This invention will be further described by reference to the following examples. Unless otherwise indicated, all parts, percents, ratios and the like are by weight.

EXAMPLE 1 5 g of Bouquet Q-2685 (a preparation produced by Takasago Perfumery Co., Ltd.) was added to 95 g of powdered adamantane while stirring. After mixing the mixture well, the mixture was charged into a compression molding machine and molded at normal temperature (about 30C).

EXAMPLE 2 6 g of Jasmin H-4352 (a preparation produced by Takasago Perfumery Co., Ltd.) was added to 94 g of powdered adamantane while stirring. After thoroughly mixing the mixture, the mixture was charged into a compression molding machine and then molded at normal temperature.

EXAMPLE 3 7 g of Cyclamen V-4052 (a preparation produced by Takasago Perfumery Co., Ltd.) was added to 93 g of powdered adamantane while stirring. After thoroughly mixing, the mixture was charged into a compression molding machine and then molded at normal temperature.

While the invention has been described in detail and with reference to specific embodiments thereof, it will be apparent to one skilled in the art that various changes and modifications can be made therein without departing from the spirit and scope thereof.

What is claimed is:

1. A sublimable fragrance composition comprising adamantane and a perfume.

2. The sublimable fragrance composition of claim 1, wherein said fragrance composition comprises a solid molding of adamantane and a perfume.

3. The sublimable fragrance composition of claim 1, wherein said perfume present in said sublimable fragrance composition in an amount of from about 1% by weight to about 7% by weight.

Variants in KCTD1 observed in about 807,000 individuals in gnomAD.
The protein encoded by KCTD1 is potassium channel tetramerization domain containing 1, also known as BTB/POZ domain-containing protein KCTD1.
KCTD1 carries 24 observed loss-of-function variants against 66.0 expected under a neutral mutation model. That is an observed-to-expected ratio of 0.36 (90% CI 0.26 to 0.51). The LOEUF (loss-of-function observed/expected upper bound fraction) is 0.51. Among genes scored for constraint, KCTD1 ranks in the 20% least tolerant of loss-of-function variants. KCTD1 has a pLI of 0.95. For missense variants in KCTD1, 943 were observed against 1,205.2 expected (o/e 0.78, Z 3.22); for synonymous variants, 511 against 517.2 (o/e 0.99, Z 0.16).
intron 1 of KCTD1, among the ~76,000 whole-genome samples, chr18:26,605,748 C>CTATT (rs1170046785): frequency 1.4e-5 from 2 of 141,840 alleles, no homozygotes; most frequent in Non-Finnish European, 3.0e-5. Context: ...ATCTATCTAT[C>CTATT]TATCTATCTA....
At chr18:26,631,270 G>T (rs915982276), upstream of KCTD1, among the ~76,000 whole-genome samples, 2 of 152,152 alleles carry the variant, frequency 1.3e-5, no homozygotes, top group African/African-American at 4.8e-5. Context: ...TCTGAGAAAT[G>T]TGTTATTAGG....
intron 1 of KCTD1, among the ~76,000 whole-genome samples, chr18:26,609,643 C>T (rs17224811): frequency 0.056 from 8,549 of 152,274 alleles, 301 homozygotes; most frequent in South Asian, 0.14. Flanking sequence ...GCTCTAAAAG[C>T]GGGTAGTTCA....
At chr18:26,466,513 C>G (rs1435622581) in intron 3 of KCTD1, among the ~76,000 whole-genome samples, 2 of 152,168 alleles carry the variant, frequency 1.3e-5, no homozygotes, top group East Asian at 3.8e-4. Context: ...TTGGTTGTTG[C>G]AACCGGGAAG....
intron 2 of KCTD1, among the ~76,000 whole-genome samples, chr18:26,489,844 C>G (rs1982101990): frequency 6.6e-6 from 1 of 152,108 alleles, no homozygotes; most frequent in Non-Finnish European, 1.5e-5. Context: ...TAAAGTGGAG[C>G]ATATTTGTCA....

4. The sublimable fragrance composition of claim 1, wherein said perfume is ajasmin type perfume, a cyclamen type perfume or a bouquet type perfume.

Patent Citations
Cited PatentFiling datePublication dateApplicantTitle
US2300769 *Mar 28, 1940Nov 3, 1942Palol Perfumed Products IncSolid perfume
US3437701 *Nov 30, 1967Apr 8, 1969Atlantic Richfield CoAlkyl adamantanes
US3457318 *Nov 30, 1967Jul 22, 1969Atlantic Richfield CoAlkenyl adamantanes
Referenced by
Citing PatentFiling datePublication dateApplicantTitle
US4301043 *Dec 20, 1977Nov 17, 1981Idemitsu Kosan Company LimitedSublimable perfume compositions
US4323193 *Nov 9, 1979Apr 6, 1982The Procter & Gamble CompanyWick-type slow diffusion dispenser
US7485154Oct 14, 2003Feb 3, 2009Givaudan SaTextile treatment compositions including a sublimable material
US7540473Jan 25, 2006Jun 2, 2009S.C. Johnson & Son, Inc.Dispensing system for a volatile liquid
US7744833 *Jun 27, 2003Jun 29, 2010S.C. Johnson & Son, Inc.Volatile liquids having predetermined evaporation profiles
US7845213Apr 30, 2010Dec 7, 2010S.C. Johnson & Son, Inc.Volatile liquids having predetermined evaporation profiles
US8987340Apr 2, 2009Mar 24, 2015Oakwood Laboratories, LlcSublimable sustained release delivery system and method of making same
US9301919Dec 22, 2006Apr 5, 2016Oakwood Laboratories, LlcSublimable sustained release delivery system and method of making same
US20040265196 *Jun 27, 2003Dec 30, 2004Varanasi Padma PrabodhVolatile liquids having predetermined evaporation profiles
US20060010933 *Oct 14, 2003Jan 19, 2006Givaudan SaTextile treatment compositions including a sublimable material
US20060170119 *Jan 25, 2006Aug 3, 2006Ralph SchwarzDispensing system for a volatile liquid
US20070148098 *Dec 22, 2006Jun 28, 2007Oakwood Laboratories, LlcSublimable sustained release deiverly system and method of making same
US20090220602 *Apr 2, 2009Sep 3, 2009Oakwood Laboratories, LlcSublimable sustained release delivery system and method of making same
WO2004037964A1 *Oct 14, 2003May 6, 2004Givaudan SaTextile treatment compositions including a sublimable material
WO2006043059A1 *Oct 18, 2005Apr 27, 2006Reckitt Benckiser (Uk) LimitedSolid fabric softening composition
Classifications
U.S. Classification512/4
International ClassificationC11B9/00, C09K3/00, A61L9/01
Cooperative ClassificationC11B9/00
European ClassificationC11B9/00